FI Conservancy’s Demonstration Garden

by Jane Ahrens

Native Plants on Display

by Gerrit Goss
August 2015

The Fishers Island Conservancy’s Native Plant Demonstration Garden is flourishing in its second season! Thanks to the hard work of a number of volunteers, the garden has been weeded, mulched, and mowed, and it sits ready to fulfill its mission of highlighting native trees and shrubs and illustrating their use in a ‘garden’ setting. The natives selected- many seen growing wild on the island- are perfectly adaptable to a more formal garden setting, and are not only every bit as ‘ornamental’ as most of the exotic (and in many cases, invasive) trees and shrubs that are so often used in our island gardens today, but have the added bonus of supporting the island population of Lepidoptera- moths and butterflies. 

Located between the movie theater and the New York State Trooper’s station, the +/- .5 acre Demonstration Garden can be explored on its own or in conjunction with an outing to the revitalized Parade Grounds; it serves as an informal ‘eastern gateway’ to the network of paths that canvas the native grasslands that have become, over the last several years, a popular recreation destination for everyone from ‘birders’ to dog walkers. The paths and beds of the Demonstration Garden are laid out to form a central space – an oval lawn – that is punctuated by an existing mature black cherry tree and a recently installed oak tree, planted to define the space for the next generation, as the cherry declines with age. The periphery of the oval space is defined by shad trees and shrub beds filled with swamp azaleas, summersweet, bayberry, winterberry, inkberry, and viburnum. Beyond the oval, moving further away from the street, high bush blueberry shrubs border the outside of the path; last season, these were prolific producers of delicious blueberries for anyone to enjoy! Beyond the blueberries, a large open space of the same native grasses seen in the Parade Grounds is becoming established, defined loosely on the edges by small ornamental trees including flowering dogwoods and eastern redbuds. Large canopy trees were also planted; look for the oaks and lindens to provide shade and large scale interest in the years to come. Near the trooper’s station, in addition to the remaining existing black cherries, a group of black tupelo were planted; large ‘groves’ of these wonderful trees can be seen growing throughout the island and they will provide a nice visual barrier to the building over time. On the movie theater side, young evergreen American holly was used to start to screen the mass of the theater building and some light and airy multi-stem black birch contribute to softening the edge. Throughout the garden, there is room for many more native species to be incorporated; look for the garden to evolve as future phases are implemented. A list of the plants currently in the garden is included below.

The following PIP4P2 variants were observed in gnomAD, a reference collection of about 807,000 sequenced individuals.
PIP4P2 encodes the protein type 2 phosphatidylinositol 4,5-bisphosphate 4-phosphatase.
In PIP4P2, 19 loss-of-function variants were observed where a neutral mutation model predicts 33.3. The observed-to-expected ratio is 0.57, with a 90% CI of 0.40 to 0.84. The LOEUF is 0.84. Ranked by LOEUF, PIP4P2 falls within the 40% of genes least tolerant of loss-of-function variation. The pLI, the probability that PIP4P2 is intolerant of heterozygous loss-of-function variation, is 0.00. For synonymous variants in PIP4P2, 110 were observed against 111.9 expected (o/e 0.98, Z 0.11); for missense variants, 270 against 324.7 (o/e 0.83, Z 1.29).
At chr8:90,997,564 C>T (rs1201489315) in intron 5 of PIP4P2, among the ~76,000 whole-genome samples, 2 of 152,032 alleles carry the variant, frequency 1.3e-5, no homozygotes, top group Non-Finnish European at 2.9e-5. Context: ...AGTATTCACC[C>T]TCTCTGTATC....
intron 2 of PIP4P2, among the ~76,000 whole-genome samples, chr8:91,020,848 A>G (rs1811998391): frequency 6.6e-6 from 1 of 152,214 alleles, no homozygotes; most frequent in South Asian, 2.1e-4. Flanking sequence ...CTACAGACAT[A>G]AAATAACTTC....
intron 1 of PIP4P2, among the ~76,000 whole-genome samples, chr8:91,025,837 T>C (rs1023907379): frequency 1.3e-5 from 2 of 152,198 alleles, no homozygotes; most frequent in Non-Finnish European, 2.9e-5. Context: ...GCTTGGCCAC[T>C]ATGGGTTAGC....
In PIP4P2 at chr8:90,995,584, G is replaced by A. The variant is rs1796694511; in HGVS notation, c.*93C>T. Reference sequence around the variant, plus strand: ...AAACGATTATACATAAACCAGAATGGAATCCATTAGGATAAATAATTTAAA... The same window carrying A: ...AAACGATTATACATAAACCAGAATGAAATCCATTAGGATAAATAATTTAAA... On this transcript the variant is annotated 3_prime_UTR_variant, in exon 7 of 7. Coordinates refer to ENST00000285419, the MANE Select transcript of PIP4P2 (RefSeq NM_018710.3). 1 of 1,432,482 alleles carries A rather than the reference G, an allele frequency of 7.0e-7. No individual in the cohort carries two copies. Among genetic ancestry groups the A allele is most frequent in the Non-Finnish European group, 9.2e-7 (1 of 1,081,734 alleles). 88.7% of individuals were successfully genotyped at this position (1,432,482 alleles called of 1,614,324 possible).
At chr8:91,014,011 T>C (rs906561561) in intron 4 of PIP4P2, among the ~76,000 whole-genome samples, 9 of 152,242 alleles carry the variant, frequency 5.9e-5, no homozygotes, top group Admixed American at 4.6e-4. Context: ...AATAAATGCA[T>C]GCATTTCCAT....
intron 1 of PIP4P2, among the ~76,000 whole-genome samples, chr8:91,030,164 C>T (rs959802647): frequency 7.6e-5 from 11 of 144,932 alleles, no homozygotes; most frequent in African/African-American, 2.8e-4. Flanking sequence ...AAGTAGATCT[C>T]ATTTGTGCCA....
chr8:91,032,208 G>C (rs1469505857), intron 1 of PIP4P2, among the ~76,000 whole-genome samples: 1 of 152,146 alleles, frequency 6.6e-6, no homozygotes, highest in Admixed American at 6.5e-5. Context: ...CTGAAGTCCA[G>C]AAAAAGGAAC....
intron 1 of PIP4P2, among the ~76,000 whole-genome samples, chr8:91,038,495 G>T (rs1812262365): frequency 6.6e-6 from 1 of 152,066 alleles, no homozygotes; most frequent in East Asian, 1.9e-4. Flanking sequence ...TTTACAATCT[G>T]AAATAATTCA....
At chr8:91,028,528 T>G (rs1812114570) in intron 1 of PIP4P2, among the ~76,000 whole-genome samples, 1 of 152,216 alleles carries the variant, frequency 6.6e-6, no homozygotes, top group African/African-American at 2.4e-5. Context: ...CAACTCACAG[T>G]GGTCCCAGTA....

The Demonstration Garden is managed by the Fishers Island Conservancy and maintained through the generous effort of countless volunteers*. Island visitors and residents alike are encouraged to explore the site and view natives from a different perspective. While it currently showcases only a handful of the beautiful trees and shrubs that can be considered native to the region, there is plenty to inspire all gardening enthusiasts to incorporate more of these plants in our island landscape.

* Special thanks to Pat Schiestl, Donnie Beck, Jimmy Ski, Greg Thibodeau, Gordon Murphy, and the staff at the Fishers Island Club.

Shade Trees

Evergreen Trees

Botanical NameCommon Name# Lepidoptera Species Supported**
Juniperus virginianaEastern Red Cedar42
Ilex opacaAmerican Holly39

Ornamental Trees

Botanical NameCommon Name# Lepidoptera Species Supported**
Amelanchier canadensisShad124
Betula nigraBlack Birch413
Cercis canadensisEastern Redbud19
Cornus floridaFlowering Dogwood118
Prunus serotina (Existing)Black Cherry456


Botanical NameCommon Name# Lepidoptera Species Supported**
Clethra alnifoliaSummersweet10
Ilex glabraInkberry39
Ilex verticillataWinterberry39
Myrica pensylvanicaBayberry106
Rhododendron viscosumSwamp Azalea51
Salix melanostachysBlack Pussy Willow456
Vaccinium corymbosumHigh Bush Blueberry294
Viburnum dentatumArrowwood104

** As noted by Doug Tallamy in Bringing Nature Home.

Featured Photo

USCG Eagle passing the Race early morning March 18, 2023 on her return from the Chesapeake Bay . Photo Credit Marlin Bloethe

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